The OKC Innovation District in Focus: Planning the Course to New Heights
How the Innovation District Can Help Propel Oklahoma’s Aerospace & Defense Industry
– A Conversation with Phil G. Busey Sr. & Delaware Resource Group
Oklahoma’s aerospace industry has grown a lot since the days of its pioneers Will Rogers and Wiley Post. Today aerospace and defense is the state’s second-largest industry, generating $44 billion in economic activity and 120,000 jobs. Even though the industry is growing by leaps and bounds, much work still remains in order to harness our true potential and become recognized as the national center for aerospace excellence. To reach that goal, it’s going to take a collaborative effort from the industry, community, tribal nations, Tinker Air Force Base and educational institutions.
The Oklahoma City Innovation District plays a critical role to bring together higher education, businesses and research across industries. Projecting a commitment to innovation is key to building a positive image of Oklahoma for business support and developing economic solutions. The district creates a synergy where companies can invest more resources in Oklahoma. While embracing our rich oil and gas history, we must recognize change is upon us and showcase the diversity of our industries – from aerospace and defense to biotech and its groundbreaking research discoveries. We also need to share our stories about pioneer spirit and blended cultures that make the state unique.
With a population of nearly 4 million, Oklahoma is a small state. We compete against states like Texas, which has more than 7 million people in the Dallas-Fort Worth metroplex alone. To successfully grow our economy, we need to use all of our resources, like Tribal partnerships. These partnerships, which contribute over $14 billion to the state, are critical to building economic bridges in rural Oklahoma for talent and economic sustainment. As another resource, the Innovation District can serve as a catalyst for future development and a hub for workforce initiatives. Workforce development in Oklahoma is critical to build a talent pipeline of individuals equipped with STEM (science, technology, engineering and mathematics) skills, and with 1,500-2,000 aerospace job openings industrywide, the state is struggling to meet the demand. This deficit and the job creation on the horizon make it critical for Oklahoma to step up to the plate. In order to reach true potential and meet industry needs, we must work together to create STEM networks, virtual training centers, as well as scholarship and internship opportunities. We must work together to spark interest in youngsters across the state – from rural and metro areas – to fill the skills gaps and build and retain a deeper pool of talent.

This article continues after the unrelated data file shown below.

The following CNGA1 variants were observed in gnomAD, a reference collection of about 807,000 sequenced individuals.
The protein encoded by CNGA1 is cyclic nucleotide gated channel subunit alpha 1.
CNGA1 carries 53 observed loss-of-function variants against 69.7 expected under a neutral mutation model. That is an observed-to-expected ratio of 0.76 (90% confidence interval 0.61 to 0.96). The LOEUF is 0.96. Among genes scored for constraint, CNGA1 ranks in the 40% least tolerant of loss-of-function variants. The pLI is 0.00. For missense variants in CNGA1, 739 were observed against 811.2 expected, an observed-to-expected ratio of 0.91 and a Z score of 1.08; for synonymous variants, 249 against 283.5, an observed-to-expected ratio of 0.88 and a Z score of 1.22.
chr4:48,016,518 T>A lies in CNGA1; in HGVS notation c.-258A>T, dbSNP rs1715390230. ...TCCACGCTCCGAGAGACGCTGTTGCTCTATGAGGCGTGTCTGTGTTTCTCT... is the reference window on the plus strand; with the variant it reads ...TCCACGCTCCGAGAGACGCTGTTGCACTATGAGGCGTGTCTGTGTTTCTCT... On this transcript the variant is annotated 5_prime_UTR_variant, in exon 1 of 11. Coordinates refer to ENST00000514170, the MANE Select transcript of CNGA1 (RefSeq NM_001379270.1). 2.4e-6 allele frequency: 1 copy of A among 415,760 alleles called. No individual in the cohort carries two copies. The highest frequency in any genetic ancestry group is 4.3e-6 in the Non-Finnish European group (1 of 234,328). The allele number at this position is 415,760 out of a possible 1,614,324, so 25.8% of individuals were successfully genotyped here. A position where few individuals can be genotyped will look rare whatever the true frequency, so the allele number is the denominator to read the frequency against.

As part of that effort, Native-American-owned Delaware Resource Group (DRG) is teaming up with the Cherokee Nation to implement an aerospace and defense program at Sequoyah High School near Tahlequah, OK. The program, which will include a simulator, is being launched in efforts to get more students interested in a career in aerospace software engineering.
The Cherokee Nation is also working with higher education. These efforts include programs for students in data science and engineering provided by the University of Oklahoma at no cost and an in-state program at Oklahoma State University that would allow tribal members to receive tuition assistance to attend engineering school. These students are eligible for tribal scholarships and can then move into internships across our industry. This is a basis of a talent pipeline.
In addition to producing homegrown talent, we need to improve our ability to recruit well-qualified candidates to our state. Part of the strategy in making Oklahoma a more attractive place to work is improving the state’s public education system. Oklahoma’s low national ranking of our public education system is a deterrent for potential workers to come to the state. According to a report issued by U.S. News & World Report, Oklahoma ranks 39th in the nation in public education. We must change the perception of Oklahoma and invest in these collaborative business opportunities and education as well as the arts and cultural sector.
Oklahoma can compete. The choice is ours. The focus must be collective and on our economic and cultural strengths. This includes bringing the arts, music, education, industries and research together to develop talent and opportunity for large and small businesses. It’s about what we do today to build bridges for the next generation. A focus on innovation matters. Peter Drucker once said, “The best way to predict the future is to create it.”
This article was contributed by Phil G. Busey Sr., founder and CEO of DRG and The Busey Group of Companies.